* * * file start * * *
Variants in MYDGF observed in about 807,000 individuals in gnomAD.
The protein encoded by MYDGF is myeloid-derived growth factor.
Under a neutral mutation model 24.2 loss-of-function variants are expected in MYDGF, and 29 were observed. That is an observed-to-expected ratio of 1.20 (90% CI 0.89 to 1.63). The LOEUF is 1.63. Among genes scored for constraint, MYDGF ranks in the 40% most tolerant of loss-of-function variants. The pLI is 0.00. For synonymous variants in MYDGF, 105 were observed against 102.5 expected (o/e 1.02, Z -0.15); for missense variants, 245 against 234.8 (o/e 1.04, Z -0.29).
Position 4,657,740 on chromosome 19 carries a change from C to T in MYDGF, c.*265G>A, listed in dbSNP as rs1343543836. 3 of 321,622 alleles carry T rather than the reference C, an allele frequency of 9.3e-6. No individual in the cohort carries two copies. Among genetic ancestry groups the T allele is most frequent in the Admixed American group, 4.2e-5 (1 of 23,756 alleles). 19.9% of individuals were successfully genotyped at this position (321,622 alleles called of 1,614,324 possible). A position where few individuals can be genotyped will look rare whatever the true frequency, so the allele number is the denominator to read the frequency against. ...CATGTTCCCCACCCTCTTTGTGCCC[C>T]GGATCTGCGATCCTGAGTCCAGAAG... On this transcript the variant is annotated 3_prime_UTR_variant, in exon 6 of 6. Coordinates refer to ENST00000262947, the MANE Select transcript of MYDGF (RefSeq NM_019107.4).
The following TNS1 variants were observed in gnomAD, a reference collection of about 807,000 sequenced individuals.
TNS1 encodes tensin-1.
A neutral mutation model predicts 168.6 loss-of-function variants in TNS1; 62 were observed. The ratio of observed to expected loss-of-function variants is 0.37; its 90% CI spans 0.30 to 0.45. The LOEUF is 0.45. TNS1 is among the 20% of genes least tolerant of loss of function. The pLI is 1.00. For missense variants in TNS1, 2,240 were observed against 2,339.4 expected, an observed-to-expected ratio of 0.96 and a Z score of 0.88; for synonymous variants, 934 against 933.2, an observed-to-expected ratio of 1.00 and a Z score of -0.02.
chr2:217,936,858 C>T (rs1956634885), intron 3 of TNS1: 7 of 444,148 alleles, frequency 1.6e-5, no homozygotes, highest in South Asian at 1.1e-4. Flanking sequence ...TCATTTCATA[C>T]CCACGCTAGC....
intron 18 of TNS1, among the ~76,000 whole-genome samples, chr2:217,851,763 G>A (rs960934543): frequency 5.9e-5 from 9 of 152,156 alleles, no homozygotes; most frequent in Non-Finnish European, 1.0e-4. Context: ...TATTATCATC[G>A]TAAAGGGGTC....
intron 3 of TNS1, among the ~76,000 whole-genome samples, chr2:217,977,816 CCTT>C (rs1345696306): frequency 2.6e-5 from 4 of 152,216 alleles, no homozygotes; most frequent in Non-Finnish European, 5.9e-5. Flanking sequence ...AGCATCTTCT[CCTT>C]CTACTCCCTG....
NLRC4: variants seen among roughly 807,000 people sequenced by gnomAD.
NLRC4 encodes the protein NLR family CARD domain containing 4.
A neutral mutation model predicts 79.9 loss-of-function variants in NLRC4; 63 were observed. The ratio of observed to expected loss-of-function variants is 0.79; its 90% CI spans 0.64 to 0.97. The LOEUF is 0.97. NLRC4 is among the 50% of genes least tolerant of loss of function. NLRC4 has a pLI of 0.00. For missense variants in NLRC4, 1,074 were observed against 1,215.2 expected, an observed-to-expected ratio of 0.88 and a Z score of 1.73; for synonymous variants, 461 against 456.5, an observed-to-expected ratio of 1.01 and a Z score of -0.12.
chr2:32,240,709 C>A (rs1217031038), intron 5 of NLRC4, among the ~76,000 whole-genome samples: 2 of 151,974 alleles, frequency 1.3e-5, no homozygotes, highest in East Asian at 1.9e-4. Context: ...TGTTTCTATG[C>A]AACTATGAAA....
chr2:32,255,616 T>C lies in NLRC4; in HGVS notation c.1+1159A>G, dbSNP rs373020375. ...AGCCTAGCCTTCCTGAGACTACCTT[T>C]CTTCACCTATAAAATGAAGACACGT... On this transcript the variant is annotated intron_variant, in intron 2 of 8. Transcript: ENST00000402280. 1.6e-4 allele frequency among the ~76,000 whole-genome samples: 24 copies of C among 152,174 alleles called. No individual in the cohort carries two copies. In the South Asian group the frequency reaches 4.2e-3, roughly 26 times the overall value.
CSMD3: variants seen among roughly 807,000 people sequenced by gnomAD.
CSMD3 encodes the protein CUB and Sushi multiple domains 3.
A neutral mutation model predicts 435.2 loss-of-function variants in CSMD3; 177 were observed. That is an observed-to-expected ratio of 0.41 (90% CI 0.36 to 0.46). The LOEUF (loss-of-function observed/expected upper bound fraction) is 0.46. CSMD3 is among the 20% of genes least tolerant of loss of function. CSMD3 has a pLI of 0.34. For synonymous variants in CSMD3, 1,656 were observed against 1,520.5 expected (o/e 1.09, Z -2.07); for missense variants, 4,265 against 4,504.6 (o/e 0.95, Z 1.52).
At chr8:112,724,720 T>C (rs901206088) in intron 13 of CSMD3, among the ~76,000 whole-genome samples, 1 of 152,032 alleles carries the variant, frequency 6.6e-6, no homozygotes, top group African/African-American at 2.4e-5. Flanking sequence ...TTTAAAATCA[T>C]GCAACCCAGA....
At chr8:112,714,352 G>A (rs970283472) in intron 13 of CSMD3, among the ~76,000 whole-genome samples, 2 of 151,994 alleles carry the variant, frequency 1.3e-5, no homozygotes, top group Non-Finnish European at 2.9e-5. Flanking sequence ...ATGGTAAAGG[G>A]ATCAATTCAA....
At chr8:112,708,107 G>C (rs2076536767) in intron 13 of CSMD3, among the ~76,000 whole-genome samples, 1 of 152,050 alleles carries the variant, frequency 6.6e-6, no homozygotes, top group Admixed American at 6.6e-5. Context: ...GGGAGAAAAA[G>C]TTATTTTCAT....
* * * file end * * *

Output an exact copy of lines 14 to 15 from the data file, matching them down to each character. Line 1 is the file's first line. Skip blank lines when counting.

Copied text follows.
chr2:32,240,709 C>A (rs1217031038), intron 5 of NLRC4, among the ~76,000 whole-genome samples: 2 of 151,974 alleles, frequency 1.3e-5, no homozygotes, highest in East Asian at 1.9e-4. Context: ...TGTTTCTATG[C>A]AACTATGAAA....
chr2:32,255,616 T>C lies in NLRC4; in HGVS notation c.1+1159A>G, dbSNP rs373020375. ...AGCCTAGCCTTCCTGAGACTACCTT[T>C]CTTCACCTATAAAATGAAGACACGT... On this transcript the variant is annotated intron_variant, in intron 2 of 8. Transcript: ENST00000402280. 1.6e-4 allele frequency among the ~76,000 whole-genome samples: 24 copies of C among 152,174 alleles called. No individual in the cohort carries two copies. In the South Asian group the frequency reaches 4.2e-3, roughly 26 times the overall value.